“Ibrahim Nasrallah’s novel paints a chilling picture of humanity in all its destructive potential.”
“It is fifty years since Kanafani wrote Returning to Haifa. Far from being a story of dispossession and degraded circumstances that feels historical, the novella and its staging came across to me as a truly depressing – and necessary – reminder of what is still at stake, so many years later.”
“It is not enough to love, for that is one of nature’s magical acts, like rainfall and thunder. It takes you out of yourself into the other’s orbit and then you have to fend for yourself. It is not enough to love, you have to know how to love. Do you know how?”
The hashtag for the campaign is: #lap1book.
“Cursed are those who indulge in idealizing the moment when the sun lights up the horizon!”
“There is just too much emphasis on women as barometers for society.”
It’s popular to think that literature gives us a “window into the lives of others” and other similar cliches, but marginalized, stigmatized subjectivities such as the Palestinians’ aren’t a costume that we can try on and take off at our whim by opening and closing a book. The desire to better understand diverse Palestinian experiences through their literature is noble, the claim to authoritatively know Palestinians through it isn’t.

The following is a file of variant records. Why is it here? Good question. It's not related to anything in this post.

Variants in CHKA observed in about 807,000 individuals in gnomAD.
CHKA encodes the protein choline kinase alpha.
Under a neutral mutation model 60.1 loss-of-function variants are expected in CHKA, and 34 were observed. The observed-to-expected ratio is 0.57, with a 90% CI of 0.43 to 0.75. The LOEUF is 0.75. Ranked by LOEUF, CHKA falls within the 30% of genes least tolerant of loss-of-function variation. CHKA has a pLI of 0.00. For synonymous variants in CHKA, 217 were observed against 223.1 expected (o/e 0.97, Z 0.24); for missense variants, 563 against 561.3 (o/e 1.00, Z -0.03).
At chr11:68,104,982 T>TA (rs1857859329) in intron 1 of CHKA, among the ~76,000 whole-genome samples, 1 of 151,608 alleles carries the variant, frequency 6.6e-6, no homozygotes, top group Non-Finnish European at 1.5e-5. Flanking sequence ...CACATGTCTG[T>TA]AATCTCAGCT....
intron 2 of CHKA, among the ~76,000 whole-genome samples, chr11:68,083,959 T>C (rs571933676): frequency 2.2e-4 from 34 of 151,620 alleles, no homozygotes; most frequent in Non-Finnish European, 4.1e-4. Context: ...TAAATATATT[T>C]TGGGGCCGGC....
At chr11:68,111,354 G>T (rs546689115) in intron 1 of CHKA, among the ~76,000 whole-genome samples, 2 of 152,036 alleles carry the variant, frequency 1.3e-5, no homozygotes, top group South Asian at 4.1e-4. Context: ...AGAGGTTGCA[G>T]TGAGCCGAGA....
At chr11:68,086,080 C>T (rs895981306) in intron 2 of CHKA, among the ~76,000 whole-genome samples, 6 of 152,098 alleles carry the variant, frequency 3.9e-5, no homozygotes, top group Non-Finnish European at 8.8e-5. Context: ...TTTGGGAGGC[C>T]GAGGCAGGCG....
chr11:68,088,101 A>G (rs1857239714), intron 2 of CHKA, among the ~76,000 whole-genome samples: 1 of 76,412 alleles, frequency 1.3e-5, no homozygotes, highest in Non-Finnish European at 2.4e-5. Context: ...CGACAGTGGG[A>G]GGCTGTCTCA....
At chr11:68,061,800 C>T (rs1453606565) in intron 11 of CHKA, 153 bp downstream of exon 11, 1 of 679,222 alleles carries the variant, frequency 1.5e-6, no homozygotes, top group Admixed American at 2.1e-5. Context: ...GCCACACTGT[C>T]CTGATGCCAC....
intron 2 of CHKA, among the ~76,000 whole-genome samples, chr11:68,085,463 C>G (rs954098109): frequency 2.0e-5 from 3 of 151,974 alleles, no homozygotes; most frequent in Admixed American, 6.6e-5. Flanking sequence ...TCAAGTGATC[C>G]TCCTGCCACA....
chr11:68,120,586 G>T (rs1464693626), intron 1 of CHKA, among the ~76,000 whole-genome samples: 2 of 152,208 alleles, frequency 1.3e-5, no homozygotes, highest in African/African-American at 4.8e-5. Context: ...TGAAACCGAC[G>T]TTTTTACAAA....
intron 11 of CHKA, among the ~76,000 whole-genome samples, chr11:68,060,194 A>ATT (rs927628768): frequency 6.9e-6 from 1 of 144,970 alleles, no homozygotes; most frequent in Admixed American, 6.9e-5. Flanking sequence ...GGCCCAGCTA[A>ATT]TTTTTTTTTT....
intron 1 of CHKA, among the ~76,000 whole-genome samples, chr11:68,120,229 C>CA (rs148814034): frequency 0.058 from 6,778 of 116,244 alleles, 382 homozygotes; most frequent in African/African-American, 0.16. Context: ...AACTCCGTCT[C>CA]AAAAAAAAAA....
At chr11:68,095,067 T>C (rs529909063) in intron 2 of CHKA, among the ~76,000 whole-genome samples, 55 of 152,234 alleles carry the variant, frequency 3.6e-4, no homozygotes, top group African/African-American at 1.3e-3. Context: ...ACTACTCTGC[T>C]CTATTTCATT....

“Who are some good Palestinian novelists/poets/essayists to read?”
“Gaza Weddings,” first published in Arabic in 2004, is part of Nasrallah’s Palestinian Comedy project, an eight-novel series in the spirit of Balzac’s La Comédie Humaine.
Yet it was in Kanafani’s Men in the Sun, Habayeb says, that she found what it meant to be a Palestinian. “I cried because of this discovery.”
“Poetry, Barghouti pointed out, is his way to explore and discover ideas, but ideas don’t drive the poem.”
“But the broom grows skinnier by the day, just like her.”